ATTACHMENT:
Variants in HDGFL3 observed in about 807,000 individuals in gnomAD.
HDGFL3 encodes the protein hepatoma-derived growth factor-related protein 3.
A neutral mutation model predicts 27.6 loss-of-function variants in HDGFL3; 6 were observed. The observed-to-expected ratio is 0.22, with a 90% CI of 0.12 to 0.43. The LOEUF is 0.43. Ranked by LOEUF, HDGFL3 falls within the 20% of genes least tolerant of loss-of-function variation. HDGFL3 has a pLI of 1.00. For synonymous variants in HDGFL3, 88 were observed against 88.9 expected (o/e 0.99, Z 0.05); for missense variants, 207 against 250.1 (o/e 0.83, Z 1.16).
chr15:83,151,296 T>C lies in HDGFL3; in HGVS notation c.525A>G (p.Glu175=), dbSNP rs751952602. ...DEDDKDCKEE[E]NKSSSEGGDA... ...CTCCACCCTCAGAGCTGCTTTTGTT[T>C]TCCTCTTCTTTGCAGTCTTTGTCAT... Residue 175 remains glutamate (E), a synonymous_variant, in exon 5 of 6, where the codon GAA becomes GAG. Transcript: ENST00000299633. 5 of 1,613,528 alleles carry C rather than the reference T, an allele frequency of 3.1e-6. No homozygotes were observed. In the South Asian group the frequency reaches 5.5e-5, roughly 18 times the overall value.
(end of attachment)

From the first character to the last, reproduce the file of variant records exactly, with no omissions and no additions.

Variants in HDGFL3 observed in about 807,000 individuals in gnomAD.
HDGFL3 encodes the protein hepatoma-derived growth factor-related protein 3.
A neutral mutation model predicts 27.6 loss-of-function variants in HDGFL3; 6 were observed. The observed-to-expected ratio is 0.22, with a 90% CI of 0.12 to 0.43. The LOEUF is 0.43. Ranked by LOEUF, HDGFL3 falls within the 20% of genes least tolerant of loss-of-function variation. HDGFL3 has a pLI of 1.00. For synonymous variants in HDGFL3, 88 were observed against 88.9 expected (o/e 0.99, Z 0.05); for missense variants, 207 against 250.1 (o/e 0.83, Z 1.16).
chr15:83,151,296 T>C lies in HDGFL3; in HGVS notation c.525A>G (p.Glu175=), dbSNP rs751952602. ...DEDDKDCKEE[E]NKSSSEGGDA... ...CTCCACCCTCAGAGCTGCTTTTGTT[T>C]TCCTCTTCTTTGCAGTCTTTGTCAT... Residue 175 remains glutamate (E), a synonymous_variant, in exon 5 of 6, where the codon GAA becomes GAG. Transcript: ENST00000299633. 5 of 1,613,528 alleles carry C rather than the reference T, an allele frequency of 3.1e-6. No homozygotes were observed. In the South Asian group the frequency reaches 5.5e-5, roughly 18 times the overall value.